Prediction of cognitive decline in healthy older adults using fMRI

John L. Woodard, Michael Seidenberg, Kristy A. Nielson, J. Carson Smith, Piero Antuono, Sally Durgerian, Leslie Guidotti, Qi Zhang, Alissa Butts, Nathan Hantke, Melissa Lancaster, Stephen M. Rao

Research output: Contribution to journalArticlepeer-review

43 Scopus citations

Abstract

Few studies have examined the extent to which structural and functional MRI, alone and in combination with genetic biomarkers, can predict future cognitive decline in asymptomatic elders. This prospective study evaluated individual and combined contributions of demographic information, genetic risk, hippocampal volume, and fMRI activation for predicting cognitive decline after an 18-month retest interval. Standardized neuropsychological testing, an fMRI semantic memory task (famous name discrimination), and structural MRI (sM I) were performed on 78 healthy elders (73% female; mean age = 73 years, range = 65 to 88 years). Positive family history of dementia and presence of one or both apolipoprotein E (APOE) ε4 alleles occurred in 51.3% and 33.3% of the sample, respectively. Hippocampal volumes were traced from sMRI scans. At follow-up, all participants underwent a repeat neuropsychological examination. At 18 months, 27 participants (34.6%) declined by at least 1 SD on one of three neuropsychological measures. Using logistic regression, demographic variables (age, years of education, gender) and family history of dementia did not predict future cognitive decline. Greater fMRI activity, absence of an APOE ε4 allele, and larger hippocampal volume were associated with reduced likelihood of cognitive decline. The most effective combination of predictors involved fMRI brain activity and APOE ε4 status. Brain activity measured from task-activated fMRI, in combination with APOE ε4 status, was successful in identifying cognitively intact individuals at greatest risk for developing cognitive decline over a relatively brief time period. These results have implications for enriching prevention clinical trials designed to slow AD progression.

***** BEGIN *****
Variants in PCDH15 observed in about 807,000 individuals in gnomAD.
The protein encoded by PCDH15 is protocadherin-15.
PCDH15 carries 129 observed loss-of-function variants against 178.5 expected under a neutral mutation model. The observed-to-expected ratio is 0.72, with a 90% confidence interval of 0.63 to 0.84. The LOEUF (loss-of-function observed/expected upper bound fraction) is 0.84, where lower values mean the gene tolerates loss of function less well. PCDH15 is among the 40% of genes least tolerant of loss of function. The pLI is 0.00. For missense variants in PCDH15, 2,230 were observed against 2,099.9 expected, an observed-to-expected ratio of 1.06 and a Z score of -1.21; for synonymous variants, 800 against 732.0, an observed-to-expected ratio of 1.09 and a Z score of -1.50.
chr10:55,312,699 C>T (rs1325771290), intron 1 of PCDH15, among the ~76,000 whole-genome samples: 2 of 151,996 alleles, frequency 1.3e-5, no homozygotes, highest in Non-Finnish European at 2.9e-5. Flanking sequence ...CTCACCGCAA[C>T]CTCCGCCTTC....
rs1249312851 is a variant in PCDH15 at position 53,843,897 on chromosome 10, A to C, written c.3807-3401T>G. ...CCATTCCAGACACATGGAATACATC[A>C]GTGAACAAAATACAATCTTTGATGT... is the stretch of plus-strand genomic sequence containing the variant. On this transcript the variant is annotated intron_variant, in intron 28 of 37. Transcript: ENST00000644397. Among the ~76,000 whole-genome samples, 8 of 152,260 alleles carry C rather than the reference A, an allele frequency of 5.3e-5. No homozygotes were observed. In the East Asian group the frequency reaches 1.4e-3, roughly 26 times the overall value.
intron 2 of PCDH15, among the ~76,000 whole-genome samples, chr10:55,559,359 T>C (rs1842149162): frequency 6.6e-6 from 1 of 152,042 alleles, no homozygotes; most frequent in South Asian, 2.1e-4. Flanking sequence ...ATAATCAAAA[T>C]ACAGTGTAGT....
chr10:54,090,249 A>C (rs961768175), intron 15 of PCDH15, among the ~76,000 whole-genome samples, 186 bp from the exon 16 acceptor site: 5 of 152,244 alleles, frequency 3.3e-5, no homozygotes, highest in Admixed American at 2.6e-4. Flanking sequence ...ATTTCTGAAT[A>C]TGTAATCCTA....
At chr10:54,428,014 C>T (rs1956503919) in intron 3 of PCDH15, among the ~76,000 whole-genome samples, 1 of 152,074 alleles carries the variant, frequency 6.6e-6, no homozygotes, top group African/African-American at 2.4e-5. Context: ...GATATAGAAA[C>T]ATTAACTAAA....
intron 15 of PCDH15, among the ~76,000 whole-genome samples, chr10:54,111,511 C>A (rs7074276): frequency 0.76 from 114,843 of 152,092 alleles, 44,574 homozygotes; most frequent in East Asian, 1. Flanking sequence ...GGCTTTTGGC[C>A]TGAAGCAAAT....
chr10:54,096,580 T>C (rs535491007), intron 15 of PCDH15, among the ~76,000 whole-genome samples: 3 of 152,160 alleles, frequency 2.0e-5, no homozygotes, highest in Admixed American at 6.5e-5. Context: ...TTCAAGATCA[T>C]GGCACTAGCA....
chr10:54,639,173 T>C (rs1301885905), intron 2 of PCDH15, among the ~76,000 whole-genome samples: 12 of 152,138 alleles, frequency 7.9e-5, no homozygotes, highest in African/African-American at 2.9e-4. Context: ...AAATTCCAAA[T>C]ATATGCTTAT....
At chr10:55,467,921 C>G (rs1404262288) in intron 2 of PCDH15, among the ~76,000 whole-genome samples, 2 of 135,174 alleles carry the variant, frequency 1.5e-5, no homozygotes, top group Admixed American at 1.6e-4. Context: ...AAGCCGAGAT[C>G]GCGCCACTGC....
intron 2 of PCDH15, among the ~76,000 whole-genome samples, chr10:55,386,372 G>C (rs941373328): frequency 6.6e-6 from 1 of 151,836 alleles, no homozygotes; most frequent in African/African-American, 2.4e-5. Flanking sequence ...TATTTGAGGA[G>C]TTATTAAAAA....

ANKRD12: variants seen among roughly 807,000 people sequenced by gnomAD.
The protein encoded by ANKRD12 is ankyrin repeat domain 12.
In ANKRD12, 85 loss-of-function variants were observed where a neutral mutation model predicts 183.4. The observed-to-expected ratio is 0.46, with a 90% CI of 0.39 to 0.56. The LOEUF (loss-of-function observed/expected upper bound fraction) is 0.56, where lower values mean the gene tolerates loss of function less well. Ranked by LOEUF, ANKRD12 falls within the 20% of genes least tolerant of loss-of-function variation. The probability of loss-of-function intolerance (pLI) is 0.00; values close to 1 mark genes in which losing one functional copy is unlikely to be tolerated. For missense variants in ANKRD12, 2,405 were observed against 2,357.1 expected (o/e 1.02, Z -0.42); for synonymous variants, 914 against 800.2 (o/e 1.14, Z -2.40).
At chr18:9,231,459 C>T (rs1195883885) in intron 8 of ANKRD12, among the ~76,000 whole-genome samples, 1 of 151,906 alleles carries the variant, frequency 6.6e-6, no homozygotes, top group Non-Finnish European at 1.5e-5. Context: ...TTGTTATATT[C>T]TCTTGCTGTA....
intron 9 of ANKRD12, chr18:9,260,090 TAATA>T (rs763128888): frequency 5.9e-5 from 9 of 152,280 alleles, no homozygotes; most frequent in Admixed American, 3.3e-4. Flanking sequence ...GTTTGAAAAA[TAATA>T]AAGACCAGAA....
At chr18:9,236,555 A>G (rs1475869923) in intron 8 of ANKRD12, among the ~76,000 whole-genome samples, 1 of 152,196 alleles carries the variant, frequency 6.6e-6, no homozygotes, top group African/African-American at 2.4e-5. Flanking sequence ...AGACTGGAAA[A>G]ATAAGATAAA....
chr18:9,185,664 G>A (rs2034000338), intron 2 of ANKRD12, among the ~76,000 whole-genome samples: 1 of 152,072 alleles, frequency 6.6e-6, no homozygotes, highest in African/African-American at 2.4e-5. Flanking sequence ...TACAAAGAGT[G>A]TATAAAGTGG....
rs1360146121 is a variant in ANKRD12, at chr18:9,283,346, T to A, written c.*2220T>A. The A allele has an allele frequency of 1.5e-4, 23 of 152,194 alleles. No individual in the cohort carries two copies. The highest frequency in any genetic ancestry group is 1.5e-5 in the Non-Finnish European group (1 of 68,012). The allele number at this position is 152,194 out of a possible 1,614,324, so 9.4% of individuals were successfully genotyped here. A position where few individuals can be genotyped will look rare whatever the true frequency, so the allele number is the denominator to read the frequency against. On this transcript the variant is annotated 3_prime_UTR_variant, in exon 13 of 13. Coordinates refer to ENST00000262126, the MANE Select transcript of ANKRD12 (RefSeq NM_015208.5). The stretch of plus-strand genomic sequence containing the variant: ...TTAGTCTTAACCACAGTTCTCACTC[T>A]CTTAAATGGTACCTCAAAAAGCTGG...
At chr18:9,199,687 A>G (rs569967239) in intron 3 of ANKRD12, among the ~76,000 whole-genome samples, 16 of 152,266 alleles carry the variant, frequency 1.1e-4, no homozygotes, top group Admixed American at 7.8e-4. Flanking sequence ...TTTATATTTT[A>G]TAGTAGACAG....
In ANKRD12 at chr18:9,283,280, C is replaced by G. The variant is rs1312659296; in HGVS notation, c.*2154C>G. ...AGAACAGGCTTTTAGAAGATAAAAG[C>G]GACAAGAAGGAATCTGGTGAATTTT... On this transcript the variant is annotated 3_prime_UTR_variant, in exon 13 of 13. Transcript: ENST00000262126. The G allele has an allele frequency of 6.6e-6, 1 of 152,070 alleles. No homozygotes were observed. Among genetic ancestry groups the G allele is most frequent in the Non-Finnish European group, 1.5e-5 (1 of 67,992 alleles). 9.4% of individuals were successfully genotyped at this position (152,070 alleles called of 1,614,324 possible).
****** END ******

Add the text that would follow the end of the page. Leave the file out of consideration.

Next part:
Original languageEnglish (US)
Pages (from-to)871-885
Number of pages15
JournalJournal of Alzheimer's Disease
Volume21
Issue number3
DOIs
StatePublished - 2010

Keywords

  • Aging
  • apolipoprotein E
  • cognitive decline
  • fMRI
  • hippocampal volume
  • memory
  • neuroimaging

ASJC Scopus subject areas

  • Neuroscience(all)
  • Clinical Psychology
  • Geriatrics and Gerontology
  • Psychiatry and Mental health

Fingerprint Dive into the research topics of 'Prediction of cognitive decline in healthy older adults using fMRI'. Together they form a unique fingerprint.

Cite this